Killing Commendatore
Haruki Murakami

Book cover image

Narrated By: Kirby Heyborne

Duration: 1 day, 4 hours and 27 minutes

What to expect

Random House presents the audiobook edition of Killing Commendatore by Haruki Murakami, read by Kirby Heyborne.

The epic new novel from the internationally acclaimed and best-selling author of 1Q84.

In Killing Commendatore, a thirty-something portrait painter in Tokyo is abandoned by his wife and finds himself holed up in the mountain home of a famous artist, Tomohiko Amada. When he discovers a strange painting in the attic, he unintentionally opens a circle of mysterious circumstances. To close it, he must complete a journey that involves a mysterious ringing bell, a two-foot-high physical manifestation of an Idea, a dapper businessman who lives across the valley, a precocious thirteen-year-old girl, a Nazi assassination attempt during World War II in Vienna, a pit in the woods behind the artist’s home, and an underworld haunted by Double Metaphors.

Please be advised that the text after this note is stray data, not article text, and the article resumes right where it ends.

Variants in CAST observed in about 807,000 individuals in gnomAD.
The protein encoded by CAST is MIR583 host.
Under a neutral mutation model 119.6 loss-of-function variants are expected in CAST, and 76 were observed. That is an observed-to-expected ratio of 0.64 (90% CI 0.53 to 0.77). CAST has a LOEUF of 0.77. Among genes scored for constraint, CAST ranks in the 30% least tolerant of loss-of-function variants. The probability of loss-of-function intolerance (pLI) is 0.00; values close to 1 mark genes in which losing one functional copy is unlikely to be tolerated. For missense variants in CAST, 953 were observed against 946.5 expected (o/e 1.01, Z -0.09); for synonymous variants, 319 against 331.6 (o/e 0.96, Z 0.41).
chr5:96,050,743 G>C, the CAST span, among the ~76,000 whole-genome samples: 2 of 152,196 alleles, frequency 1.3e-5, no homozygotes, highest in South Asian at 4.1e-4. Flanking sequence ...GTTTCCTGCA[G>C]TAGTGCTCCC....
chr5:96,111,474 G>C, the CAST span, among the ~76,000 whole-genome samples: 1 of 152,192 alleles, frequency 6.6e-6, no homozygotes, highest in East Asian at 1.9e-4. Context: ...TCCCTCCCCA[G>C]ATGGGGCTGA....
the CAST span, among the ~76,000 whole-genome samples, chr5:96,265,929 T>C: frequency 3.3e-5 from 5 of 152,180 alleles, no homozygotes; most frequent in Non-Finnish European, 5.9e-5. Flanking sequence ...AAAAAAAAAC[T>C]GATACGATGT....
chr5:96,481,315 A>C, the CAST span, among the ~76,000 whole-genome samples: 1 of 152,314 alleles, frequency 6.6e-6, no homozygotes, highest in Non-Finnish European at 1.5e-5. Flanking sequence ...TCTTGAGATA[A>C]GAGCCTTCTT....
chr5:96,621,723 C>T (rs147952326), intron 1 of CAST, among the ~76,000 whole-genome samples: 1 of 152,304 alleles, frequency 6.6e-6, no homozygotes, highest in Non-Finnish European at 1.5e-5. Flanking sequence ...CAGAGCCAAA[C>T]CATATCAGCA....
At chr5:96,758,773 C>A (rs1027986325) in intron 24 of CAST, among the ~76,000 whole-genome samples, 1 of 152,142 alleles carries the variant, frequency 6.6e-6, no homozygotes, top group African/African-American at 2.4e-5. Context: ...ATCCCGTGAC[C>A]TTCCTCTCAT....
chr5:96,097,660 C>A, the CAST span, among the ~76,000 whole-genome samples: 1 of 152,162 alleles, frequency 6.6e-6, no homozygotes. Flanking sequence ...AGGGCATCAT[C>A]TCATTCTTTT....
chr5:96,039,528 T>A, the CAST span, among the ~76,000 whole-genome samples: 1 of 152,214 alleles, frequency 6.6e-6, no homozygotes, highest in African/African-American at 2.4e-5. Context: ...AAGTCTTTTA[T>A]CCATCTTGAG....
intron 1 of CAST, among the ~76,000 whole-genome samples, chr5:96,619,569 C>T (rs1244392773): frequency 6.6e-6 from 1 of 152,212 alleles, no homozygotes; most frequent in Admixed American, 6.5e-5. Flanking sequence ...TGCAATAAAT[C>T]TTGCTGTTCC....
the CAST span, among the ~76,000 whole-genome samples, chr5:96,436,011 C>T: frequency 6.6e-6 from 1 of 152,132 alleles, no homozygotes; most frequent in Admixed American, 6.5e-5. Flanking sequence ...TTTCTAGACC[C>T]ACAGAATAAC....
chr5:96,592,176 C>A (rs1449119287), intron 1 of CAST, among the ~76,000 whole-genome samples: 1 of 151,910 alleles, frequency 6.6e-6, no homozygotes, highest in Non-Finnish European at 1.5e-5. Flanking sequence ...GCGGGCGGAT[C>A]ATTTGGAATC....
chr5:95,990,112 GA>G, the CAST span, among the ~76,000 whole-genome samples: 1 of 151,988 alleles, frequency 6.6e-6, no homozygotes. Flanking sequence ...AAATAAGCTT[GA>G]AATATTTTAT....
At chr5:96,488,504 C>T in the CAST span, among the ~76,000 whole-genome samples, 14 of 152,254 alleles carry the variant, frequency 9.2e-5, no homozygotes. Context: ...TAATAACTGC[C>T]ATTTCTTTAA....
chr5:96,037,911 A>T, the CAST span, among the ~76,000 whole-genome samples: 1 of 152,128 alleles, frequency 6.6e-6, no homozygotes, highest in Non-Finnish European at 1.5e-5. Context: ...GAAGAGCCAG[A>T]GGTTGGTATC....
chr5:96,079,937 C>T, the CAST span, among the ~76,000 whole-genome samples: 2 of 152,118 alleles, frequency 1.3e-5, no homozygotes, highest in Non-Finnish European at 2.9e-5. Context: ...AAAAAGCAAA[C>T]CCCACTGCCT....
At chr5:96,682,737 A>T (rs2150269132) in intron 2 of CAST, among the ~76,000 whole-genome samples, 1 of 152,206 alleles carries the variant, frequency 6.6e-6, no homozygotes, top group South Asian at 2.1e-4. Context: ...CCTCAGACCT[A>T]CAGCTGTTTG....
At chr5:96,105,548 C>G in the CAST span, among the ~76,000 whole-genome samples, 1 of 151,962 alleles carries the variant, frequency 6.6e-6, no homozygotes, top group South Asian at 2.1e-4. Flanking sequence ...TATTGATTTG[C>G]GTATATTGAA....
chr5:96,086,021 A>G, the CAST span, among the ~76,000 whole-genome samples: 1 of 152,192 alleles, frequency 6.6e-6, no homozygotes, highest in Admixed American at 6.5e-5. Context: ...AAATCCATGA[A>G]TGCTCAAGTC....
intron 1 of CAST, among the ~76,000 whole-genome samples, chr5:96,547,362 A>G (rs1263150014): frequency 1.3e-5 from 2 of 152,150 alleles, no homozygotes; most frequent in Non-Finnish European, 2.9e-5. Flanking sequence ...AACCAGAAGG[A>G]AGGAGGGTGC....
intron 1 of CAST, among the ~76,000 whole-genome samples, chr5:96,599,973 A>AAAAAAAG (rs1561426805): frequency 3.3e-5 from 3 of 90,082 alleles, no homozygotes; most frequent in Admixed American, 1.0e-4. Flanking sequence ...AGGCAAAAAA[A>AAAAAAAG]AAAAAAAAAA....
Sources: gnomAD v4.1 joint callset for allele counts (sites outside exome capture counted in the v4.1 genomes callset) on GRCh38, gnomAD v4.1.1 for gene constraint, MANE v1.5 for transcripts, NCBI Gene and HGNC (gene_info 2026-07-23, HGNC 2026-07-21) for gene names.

A tour de force of love and loneliness, war and art – as well as a loving homage to The Great GatsbyKilling Commendatore is a stunning work of imagination from one of our greatest writers.

Genre

Modern & contemporary fiction, Magical realism, Fiction in translation, Narrative theme: Death, grief, loss, Narrative theme: Love & relationships

Listen to a sample

It’s safe to say that there’s no one like Murakami

Literary Review

Exhilarating. . . . Only in the calm madness of his magical realism can Murakami truly capture one of his obsessions, the usually ineffable yearning that drives a person to make art

Washington Post

Wild, thrilling. . . Murakami is a master storyteller and he knows how to keep us hooked

Sunday Times

Murakami’s reality has many sides; some plain, some fancy. Translators Philip Gabriel and Ted Goossen capture every colour on this mind-altering palette. No other author mixes domestic, fantastic and esoteric elements into such weirdly bewitching shades. Murakami’s “Land of Metaphor” remains a country where wonders never cease

Financial Times

Expansive and intricate . . . touches on many of the themes familiar in Mr. Murakami’s novels: the mystery of romantic love, the weight of history, the transcendence of art, the search for elusive things just outside our grasp